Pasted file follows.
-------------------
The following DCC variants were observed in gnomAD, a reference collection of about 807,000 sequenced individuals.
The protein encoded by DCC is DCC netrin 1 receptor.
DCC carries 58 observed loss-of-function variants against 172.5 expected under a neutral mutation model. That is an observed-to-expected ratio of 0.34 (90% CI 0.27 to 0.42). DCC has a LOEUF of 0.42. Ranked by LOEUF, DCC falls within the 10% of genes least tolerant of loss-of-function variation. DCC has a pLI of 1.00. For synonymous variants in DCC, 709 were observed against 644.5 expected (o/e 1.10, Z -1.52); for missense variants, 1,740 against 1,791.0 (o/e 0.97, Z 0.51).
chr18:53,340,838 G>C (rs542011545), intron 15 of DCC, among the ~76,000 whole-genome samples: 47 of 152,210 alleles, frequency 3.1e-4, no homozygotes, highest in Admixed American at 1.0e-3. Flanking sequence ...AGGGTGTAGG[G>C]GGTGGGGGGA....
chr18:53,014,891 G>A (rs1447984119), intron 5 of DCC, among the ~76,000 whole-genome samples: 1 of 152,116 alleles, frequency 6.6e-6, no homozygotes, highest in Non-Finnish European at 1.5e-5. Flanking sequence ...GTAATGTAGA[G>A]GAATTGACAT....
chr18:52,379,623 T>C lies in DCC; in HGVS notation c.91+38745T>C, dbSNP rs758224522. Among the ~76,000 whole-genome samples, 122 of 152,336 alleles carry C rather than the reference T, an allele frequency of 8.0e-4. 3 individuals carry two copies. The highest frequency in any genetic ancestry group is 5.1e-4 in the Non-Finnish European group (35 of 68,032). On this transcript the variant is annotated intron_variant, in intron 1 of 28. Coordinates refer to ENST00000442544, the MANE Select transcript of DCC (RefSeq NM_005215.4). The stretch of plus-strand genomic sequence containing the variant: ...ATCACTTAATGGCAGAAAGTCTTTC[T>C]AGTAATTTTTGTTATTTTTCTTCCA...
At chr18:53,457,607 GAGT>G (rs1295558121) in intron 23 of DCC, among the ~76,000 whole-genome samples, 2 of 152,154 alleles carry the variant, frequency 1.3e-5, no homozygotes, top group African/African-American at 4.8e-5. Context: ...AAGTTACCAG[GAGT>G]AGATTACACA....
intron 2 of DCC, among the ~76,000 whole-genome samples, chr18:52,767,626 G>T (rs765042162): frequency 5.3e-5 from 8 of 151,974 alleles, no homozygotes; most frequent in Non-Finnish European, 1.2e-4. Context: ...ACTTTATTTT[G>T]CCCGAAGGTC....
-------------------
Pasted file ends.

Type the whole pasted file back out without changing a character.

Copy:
The following DCC variants were observed in gnomAD, a reference collection of about 807,000 sequenced individuals.
The protein encoded by DCC is DCC netrin 1 receptor.
DCC carries 58 observed loss-of-function variants against 172.5 expected under a neutral mutation model. That is an observed-to-expected ratio of 0.34 (90% CI 0.27 to 0.42). DCC has a LOEUF of 0.42. Ranked by LOEUF, DCC falls within the 10% of genes least tolerant of loss-of-function variation. DCC has a pLI of 1.00. For synonymous variants in DCC, 709 were observed against 644.5 expected (o/e 1.10, Z -1.52); for missense variants, 1,740 against 1,791.0 (o/e 0.97, Z 0.51).
chr18:53,340,838 G>C (rs542011545), intron 15 of DCC, among the ~76,000 whole-genome samples: 47 of 152,210 alleles, frequency 3.1e-4, no homozygotes, highest in Admixed American at 1.0e-3. Flanking sequence ...AGGGTGTAGG[G>C]GGTGGGGGGA....
chr18:53,014,891 G>A (rs1447984119), intron 5 of DCC, among the ~76,000 whole-genome samples: 1 of 152,116 alleles, frequency 6.6e-6, no homozygotes, highest in Non-Finnish European at 1.5e-5. Flanking sequence ...GTAATGTAGA[G>A]GAATTGACAT....
chr18:52,379,623 T>C lies in DCC; in HGVS notation c.91+38745T>C, dbSNP rs758224522. Among the ~76,000 whole-genome samples, 122 of 152,336 alleles carry C rather than the reference T, an allele frequency of 8.0e-4. 3 individuals carry two copies. The highest frequency in any genetic ancestry group is 5.1e-4 in the Non-Finnish European group (35 of 68,032). On this transcript the variant is annotated intron_variant, in intron 1 of 28. Coordinates refer to ENST00000442544, the MANE Select transcript of DCC (RefSeq NM_005215.4). The stretch of plus-strand genomic sequence containing the variant: ...ATCACTTAATGGCAGAAAGTCTTTC[T>C]AGTAATTTTTGTTATTTTTCTTCCA...
At chr18:53,457,607 GAGT>G (rs1295558121) in intron 23 of DCC, among the ~76,000 whole-genome samples, 2 of 152,154 alleles carry the variant, frequency 1.3e-5, no homozygotes, top group African/African-American at 4.8e-5. Context: ...AAGTTACCAG[GAGT>G]AGATTACACA....
intron 2 of DCC, among the ~76,000 whole-genome samples, chr18:52,767,626 G>T (rs765042162): frequency 5.3e-5 from 8 of 151,974 alleles, no homozygotes; most frequent in Non-Finnish European, 1.2e-4. Context: ...ACTTTATTTT[G>T]CCCGAAGGTC....